June 16, 1999
Examining the Effects of Black Theology
-- Martin E. Marty
Whoever monitors sightings of religion in American public life has no trouble finding examples in African American communities. Black churches are known to be agencies of service, activism, and voting, but not everyone knows what types of religion and what kinds of theology motivate what kinds and degrees of service, activism, and voting. Allison Calhoun-Brown wanted to find out. In "The Image of God: Black Theology and Racial Empowerment in the African American Community" (Review of Religious Research, March 1999), the George State University sociologist presents her findings.
The author claims that this is the first empirical study of the effects of black liberation theology or, simply, "black theology"--an almost thirty-year-old movement--on African American church life. Black theology has held that having black conceptions of God and images of Christ is crucial for empowerment. In a careful but necessarily limited study, Calhoun-Brown reports on responses of church members to questions such as, Are you aware of debates about the color of Christ? Is the issue of these images important? If you do think about the subject, is your Christ black or white?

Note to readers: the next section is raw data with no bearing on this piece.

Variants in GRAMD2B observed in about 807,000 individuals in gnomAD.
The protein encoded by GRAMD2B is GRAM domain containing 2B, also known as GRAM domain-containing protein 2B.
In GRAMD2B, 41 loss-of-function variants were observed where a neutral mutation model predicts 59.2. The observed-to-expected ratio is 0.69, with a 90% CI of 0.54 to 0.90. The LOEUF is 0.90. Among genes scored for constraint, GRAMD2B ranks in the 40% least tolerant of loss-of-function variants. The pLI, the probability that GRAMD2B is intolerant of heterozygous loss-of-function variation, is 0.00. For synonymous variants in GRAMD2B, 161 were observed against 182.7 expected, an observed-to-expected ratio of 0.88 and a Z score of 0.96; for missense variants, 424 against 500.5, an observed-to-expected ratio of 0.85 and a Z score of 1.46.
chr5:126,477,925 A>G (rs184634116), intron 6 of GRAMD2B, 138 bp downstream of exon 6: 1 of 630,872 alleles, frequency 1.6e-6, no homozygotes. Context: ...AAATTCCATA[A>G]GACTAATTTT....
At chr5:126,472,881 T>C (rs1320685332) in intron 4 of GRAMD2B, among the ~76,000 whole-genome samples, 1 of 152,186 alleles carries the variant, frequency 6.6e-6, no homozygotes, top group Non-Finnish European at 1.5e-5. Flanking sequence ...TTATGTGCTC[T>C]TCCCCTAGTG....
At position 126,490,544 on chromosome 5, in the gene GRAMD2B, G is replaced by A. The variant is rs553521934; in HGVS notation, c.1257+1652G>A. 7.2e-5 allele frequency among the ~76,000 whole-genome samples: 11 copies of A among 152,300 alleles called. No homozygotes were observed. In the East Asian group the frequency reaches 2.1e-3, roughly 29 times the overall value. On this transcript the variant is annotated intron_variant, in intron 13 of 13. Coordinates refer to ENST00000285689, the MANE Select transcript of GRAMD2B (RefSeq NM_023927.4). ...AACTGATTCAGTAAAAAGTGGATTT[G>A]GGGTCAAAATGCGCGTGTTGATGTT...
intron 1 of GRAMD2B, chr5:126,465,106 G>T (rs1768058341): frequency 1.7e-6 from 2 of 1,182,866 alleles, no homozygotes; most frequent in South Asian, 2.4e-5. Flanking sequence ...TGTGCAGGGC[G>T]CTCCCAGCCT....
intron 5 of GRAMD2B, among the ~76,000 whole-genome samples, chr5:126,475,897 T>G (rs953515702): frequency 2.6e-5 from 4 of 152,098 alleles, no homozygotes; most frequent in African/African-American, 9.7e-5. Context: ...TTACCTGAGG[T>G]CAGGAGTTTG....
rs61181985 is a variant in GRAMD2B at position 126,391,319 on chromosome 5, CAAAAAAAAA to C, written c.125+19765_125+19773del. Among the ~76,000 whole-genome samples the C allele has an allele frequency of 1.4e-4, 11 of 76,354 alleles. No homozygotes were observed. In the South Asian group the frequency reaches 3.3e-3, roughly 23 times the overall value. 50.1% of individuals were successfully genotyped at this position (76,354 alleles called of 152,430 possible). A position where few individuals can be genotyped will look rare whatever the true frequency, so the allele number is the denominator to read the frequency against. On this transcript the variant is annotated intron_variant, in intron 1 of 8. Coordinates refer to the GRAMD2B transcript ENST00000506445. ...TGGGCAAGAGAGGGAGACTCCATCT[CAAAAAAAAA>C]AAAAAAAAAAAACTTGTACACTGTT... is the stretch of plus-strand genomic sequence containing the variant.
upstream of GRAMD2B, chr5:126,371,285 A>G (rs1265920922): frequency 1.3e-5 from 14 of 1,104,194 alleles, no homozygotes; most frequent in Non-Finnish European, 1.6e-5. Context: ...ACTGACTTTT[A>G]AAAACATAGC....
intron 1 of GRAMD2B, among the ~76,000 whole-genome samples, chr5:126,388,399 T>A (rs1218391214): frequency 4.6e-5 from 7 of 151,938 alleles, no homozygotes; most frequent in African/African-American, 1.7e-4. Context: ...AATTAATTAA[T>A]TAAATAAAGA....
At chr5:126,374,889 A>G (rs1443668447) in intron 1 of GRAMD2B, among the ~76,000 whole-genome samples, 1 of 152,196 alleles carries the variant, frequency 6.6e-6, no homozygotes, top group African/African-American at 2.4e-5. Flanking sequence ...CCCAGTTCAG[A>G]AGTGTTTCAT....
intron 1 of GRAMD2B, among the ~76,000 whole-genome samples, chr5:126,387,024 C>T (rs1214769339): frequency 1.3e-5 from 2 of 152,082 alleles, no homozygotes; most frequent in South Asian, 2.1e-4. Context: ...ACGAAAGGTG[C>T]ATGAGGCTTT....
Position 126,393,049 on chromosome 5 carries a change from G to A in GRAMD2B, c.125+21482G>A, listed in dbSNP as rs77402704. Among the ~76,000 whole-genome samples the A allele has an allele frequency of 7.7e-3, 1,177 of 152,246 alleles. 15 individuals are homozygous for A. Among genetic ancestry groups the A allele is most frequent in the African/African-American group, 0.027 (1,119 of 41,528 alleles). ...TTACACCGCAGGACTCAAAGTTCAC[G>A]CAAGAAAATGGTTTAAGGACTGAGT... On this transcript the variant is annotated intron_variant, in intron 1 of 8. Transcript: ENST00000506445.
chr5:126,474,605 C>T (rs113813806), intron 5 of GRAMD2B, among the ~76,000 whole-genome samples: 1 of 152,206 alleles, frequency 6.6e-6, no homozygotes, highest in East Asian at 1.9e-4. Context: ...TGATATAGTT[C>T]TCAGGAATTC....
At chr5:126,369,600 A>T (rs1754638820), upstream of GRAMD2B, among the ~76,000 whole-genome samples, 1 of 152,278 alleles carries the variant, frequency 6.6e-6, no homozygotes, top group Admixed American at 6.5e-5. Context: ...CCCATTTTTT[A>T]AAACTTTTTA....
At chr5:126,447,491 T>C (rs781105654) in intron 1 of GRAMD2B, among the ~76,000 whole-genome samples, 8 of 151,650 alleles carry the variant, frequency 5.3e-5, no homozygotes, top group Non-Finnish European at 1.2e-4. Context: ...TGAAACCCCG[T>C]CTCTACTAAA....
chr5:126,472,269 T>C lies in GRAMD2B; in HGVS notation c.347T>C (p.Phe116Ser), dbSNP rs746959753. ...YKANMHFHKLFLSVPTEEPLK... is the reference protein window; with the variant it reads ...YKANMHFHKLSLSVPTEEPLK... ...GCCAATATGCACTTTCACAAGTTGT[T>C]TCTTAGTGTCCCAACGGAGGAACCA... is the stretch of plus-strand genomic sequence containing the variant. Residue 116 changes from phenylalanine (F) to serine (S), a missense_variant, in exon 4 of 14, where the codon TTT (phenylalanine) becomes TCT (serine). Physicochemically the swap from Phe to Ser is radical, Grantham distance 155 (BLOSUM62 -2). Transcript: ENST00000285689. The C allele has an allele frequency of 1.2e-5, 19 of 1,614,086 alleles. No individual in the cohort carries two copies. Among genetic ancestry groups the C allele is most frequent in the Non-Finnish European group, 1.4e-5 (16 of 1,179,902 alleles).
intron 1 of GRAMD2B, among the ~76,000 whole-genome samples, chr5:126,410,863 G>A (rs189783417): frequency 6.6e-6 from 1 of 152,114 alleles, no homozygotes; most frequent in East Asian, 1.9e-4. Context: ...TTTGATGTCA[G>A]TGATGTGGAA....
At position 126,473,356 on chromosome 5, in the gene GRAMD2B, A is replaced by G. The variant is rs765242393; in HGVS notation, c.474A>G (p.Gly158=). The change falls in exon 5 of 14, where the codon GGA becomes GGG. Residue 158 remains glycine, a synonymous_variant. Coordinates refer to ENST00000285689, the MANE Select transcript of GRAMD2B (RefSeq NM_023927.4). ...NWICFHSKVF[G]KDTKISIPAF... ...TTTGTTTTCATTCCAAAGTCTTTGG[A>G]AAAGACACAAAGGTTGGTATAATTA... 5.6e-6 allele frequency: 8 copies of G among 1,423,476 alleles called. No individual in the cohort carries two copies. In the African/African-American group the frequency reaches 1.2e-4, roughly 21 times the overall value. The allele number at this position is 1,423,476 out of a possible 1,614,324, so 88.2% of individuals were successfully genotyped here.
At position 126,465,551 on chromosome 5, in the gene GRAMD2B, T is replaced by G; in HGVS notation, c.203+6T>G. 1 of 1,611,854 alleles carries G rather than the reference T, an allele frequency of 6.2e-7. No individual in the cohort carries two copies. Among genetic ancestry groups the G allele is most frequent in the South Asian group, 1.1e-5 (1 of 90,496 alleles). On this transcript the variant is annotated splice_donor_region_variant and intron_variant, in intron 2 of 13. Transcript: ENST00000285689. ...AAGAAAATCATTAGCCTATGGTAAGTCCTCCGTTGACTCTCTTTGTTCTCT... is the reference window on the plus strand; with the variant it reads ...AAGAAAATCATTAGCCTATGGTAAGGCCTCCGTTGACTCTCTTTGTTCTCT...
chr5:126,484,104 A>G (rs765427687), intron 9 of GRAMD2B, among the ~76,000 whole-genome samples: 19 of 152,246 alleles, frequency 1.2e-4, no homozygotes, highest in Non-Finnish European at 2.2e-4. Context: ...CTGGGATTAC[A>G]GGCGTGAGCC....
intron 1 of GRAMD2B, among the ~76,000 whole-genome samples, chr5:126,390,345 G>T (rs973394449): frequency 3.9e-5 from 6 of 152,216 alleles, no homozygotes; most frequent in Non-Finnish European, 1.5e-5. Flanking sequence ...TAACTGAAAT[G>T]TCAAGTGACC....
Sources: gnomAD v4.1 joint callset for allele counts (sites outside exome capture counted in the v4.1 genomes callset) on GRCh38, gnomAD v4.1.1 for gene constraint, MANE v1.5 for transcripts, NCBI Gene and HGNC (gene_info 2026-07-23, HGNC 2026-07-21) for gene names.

The findings may surprise many, disappoint "separationist" black theologians, and cheer "integrationist" believers of all races. We note here five of these findings. First, black theology is designed "to politicize Christianity," offer "a theological context for empowerment," and increase "a desire for racial autonomy." This study finds "norelationship between the image of Christ and racial solidarity" and conflicting evidence on other claims and proposals.
Second, "the salience of black theology is significantly limited." Only two-thirds had ever heard of the debate concerning the color of Christ. Of these, only 30 percent imagined Christ as black. Sixty-three percent believe Christ was beyond color. The masses "either are not exposed to [black theology] or do not embrace its major tenets." Third, "the relationship between religion and politics among African Americans is complex"; there are variations wherever one looks.
Fourth, "religion is neither the opiate nor the inspiration for political activity in the African American community. Differing components of religion have different effects," for example, on racial separationist and racial integrationist conceptions, strategies, and outcomes. Yes, African Americans tend to be highly religious, but the observation is interesting only when one follows up with, What kind of religious ideas are important to each? Finally, "the conclusion that religious culture matters to political attitudes and behavior should not be overlooked," says Calhoun-Brown. To learn more, argues this sociologist, we need many more studies of these varieties. Agreed.